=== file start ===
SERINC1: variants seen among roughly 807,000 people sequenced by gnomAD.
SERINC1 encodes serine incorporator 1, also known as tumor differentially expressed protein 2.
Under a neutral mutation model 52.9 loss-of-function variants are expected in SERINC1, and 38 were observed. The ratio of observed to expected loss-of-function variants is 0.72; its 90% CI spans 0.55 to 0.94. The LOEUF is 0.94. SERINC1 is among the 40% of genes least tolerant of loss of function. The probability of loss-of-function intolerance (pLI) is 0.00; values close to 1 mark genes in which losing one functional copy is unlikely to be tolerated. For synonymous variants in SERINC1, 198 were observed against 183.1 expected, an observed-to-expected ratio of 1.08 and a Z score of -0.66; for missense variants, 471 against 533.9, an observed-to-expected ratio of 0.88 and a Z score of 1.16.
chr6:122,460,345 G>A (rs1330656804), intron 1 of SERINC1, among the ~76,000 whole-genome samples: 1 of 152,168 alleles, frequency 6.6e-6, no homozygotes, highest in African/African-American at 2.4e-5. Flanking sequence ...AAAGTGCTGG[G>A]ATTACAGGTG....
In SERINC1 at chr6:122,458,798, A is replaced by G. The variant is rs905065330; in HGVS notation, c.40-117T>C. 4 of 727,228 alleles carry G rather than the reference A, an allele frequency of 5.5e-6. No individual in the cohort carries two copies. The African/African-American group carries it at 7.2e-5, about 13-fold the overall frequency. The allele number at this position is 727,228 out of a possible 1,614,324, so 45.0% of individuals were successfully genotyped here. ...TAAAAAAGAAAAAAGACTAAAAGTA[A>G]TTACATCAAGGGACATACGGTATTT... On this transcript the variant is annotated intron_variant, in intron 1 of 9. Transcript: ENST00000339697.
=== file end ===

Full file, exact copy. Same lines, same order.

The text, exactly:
SERINC1: variants seen among roughly 807,000 people sequenced by gnomAD.
SERINC1 encodes serine incorporator 1, also known as tumor differentially expressed protein 2.
Under a neutral mutation model 52.9 loss-of-function variants are expected in SERINC1, and 38 were observed. The ratio of observed to expected loss-of-function variants is 0.72; its 90% CI spans 0.55 to 0.94. The LOEUF is 0.94. SERINC1 is among the 40% of genes least tolerant of loss of function. The probability of loss-of-function intolerance (pLI) is 0.00; values close to 1 mark genes in which losing one functional copy is unlikely to be tolerated. For synonymous variants in SERINC1, 198 were observed against 183.1 expected, an observed-to-expected ratio of 1.08 and a Z score of -0.66; for missense variants, 471 against 533.9, an observed-to-expected ratio of 0.88 and a Z score of 1.16.
chr6:122,460,345 G>A (rs1330656804), intron 1 of SERINC1, among the ~76,000 whole-genome samples: 1 of 152,168 alleles, frequency 6.6e-6, no homozygotes, highest in African/African-American at 2.4e-5. Flanking sequence ...AAAGTGCTGG[G>A]ATTACAGGTG....
In SERINC1 at chr6:122,458,798, A is replaced by G. The variant is rs905065330; in HGVS notation, c.40-117T>C. 4 of 727,228 alleles carry G rather than the reference A, an allele frequency of 5.5e-6. No individual in the cohort carries two copies. The African/African-American group carries it at 7.2e-5, about 13-fold the overall frequency. The allele number at this position is 727,228 out of a possible 1,614,324, so 45.0% of individuals were successfully genotyped here. ...TAAAAAAGAAAAAAGACTAAAAGTA[A>G]TTACATCAAGGGACATACGGTATTT... On this transcript the variant is annotated intron_variant, in intron 1 of 9. Transcript: ENST00000339697.